Several recurring qualities and topics were explored at the 17th Venice Architecture Biennale, answering curator Hashim Sarkis' question of "How Will We Live Together". Sarkis called upon architects “to imagine spaces in which we can generously live together”, spaces that are unbound by spatial or social contracts, and are flexible enough to welcome individuals and make them find a sense of belonging in an entirely different habitat. Unlike decades ago, migration today is no longer considered as relocating from rural areas to cities, where people needed to be in proximity to their workplaces. Technological advancements, new work modules, and most notably the pandemic altered the way people perceive spaces, making it possible to complete at least 85% of day-to-day responsibilities from practically anywhere in the world. What we have learned from previous cases, and what we are observing now, is that the built environment needs to be flexible.
Every generation finds itself more open to the notion of migration, whether it is for economic, social, environmental, academic, or political reasons. Perhaps it is the reliance on technology, the change in social and cultural mindsets, the belief that comfort comes first, or the flexibility in today's architecture, but individuals have found comfort in being nomads "away from home". International curators at the Biennale explored migration and its many manifestations, evolution, and its impact on the future of cities and built environments, answering questions such as what will become of cities? Will rural areas become the new cities? How has life changed for the ones who stayed and those who left? And How do we design our cities to enhance the quality of life in an ever-changing social architecture?
Curated by architect Mounir Ayoub and Vanessa Lacaille from Laboratoire d’architecture, as well as filmmaker Fabrice Aragno and artist sculptor Pierre Szczepanski, the Swiss pavilion explores the spatial and political impacts of the country’s borders. Bordered by 5 countries, foreigners account for 25.1% of the Swiss population with Italian, German, Portuguese and French nationals accounting for 72% of them. Throughout the pandemic, the general perception and the relationship with national borders witnessed a dramatic change, giving the project a new collective experience. The study is conducted through a series of participative processes performed along the Swiss border that investigate the frontier and its inhabitants, creating a framework around the individual relationship with the territory.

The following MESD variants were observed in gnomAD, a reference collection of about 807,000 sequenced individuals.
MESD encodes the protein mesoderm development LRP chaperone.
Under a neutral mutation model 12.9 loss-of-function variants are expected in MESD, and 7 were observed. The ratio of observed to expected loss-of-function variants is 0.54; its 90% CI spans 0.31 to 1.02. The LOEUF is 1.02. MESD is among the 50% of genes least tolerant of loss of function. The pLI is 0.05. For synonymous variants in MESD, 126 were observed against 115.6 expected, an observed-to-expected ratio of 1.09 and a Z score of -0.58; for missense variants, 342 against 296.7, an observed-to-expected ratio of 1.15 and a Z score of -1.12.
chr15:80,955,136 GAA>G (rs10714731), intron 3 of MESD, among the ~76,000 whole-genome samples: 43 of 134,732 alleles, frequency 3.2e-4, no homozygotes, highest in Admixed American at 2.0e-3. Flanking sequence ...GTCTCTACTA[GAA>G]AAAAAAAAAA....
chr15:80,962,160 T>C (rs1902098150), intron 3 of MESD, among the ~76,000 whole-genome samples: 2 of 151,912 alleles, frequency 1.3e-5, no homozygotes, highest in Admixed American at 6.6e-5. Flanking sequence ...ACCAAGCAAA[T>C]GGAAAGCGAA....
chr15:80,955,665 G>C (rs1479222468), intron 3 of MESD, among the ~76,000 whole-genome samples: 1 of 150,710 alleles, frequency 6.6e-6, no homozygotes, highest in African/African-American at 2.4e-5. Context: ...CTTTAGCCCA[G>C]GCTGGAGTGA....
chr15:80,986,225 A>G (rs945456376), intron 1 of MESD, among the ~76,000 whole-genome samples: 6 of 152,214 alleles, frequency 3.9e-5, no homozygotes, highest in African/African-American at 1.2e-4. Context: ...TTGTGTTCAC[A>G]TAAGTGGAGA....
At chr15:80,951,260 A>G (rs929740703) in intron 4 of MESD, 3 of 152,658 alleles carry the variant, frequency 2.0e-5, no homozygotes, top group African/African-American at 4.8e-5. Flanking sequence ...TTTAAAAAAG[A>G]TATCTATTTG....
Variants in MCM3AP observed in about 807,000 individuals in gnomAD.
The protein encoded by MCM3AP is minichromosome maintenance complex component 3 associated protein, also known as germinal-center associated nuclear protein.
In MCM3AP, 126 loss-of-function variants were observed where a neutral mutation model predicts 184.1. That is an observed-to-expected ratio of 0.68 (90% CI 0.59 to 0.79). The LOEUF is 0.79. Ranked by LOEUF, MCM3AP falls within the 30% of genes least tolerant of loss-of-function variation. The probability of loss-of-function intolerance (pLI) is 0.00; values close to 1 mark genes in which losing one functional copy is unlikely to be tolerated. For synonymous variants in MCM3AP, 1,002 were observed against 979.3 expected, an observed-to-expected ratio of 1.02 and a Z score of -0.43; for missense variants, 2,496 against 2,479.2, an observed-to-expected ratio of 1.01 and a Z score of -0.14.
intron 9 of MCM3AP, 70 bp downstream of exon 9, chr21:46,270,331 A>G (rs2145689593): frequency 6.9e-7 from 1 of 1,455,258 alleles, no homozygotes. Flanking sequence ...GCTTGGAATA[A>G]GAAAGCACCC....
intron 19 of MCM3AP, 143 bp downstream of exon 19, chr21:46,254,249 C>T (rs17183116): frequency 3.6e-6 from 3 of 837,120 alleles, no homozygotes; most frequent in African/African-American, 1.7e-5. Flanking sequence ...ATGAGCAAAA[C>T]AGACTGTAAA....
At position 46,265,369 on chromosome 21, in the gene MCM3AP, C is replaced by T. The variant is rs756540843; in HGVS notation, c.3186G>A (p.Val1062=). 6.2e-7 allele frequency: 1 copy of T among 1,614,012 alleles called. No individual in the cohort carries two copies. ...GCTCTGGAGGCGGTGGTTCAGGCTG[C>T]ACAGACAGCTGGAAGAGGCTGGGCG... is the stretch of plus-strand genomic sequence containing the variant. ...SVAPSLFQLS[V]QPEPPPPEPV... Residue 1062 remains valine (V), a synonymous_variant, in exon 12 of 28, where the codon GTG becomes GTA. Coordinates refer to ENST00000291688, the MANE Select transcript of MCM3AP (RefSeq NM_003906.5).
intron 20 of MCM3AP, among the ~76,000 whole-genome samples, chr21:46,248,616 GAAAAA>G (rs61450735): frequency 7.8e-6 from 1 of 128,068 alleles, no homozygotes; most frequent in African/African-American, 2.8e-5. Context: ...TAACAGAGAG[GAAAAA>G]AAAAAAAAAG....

Curated by architects Irina Meliță and Ștefan Simion, the Romanian pavilion explores the challenges and opportunities of migration and its consequences on the built environment. The curators used Romania as a study case, since almost three million citizens have migrated in the last decade to pursue a better life abroad. This depopulation has caused a decline in the country's urban life and a change in its built environment. The pavilion is split into two sections that display two opposing narratives: the stories of the Romanian immigrants and their lives in foreign countries, and the collective experience and impact of mass migration on Romanian cities.
Curated by PROLOG +1 along with an international group of architects and artists, the Polish pavilion explores the countryside and how rural areas are an important element of building sustainable human environments, given the crises the world is surrounded with today. Working and living in the countryside have become nation-wide critical topics of discussion, and in the case of Poland, more observations and proposals can be implemented since 93% of its land is purely rural. The pavilion tells the story of the future of communal life in the countryside, reflecting on progressive migration from cities to these rural areas, and proposes solutions on a global scale. The curators presented new tools to describe the countryside, focusing on three historical development periods that highly influenced the country; early capitalist, socialist, and late-capitalist. All three periods were evaluated in terms of territory, settlement, and dwelling, emphasizing on colonization projects previously built by the Polish state.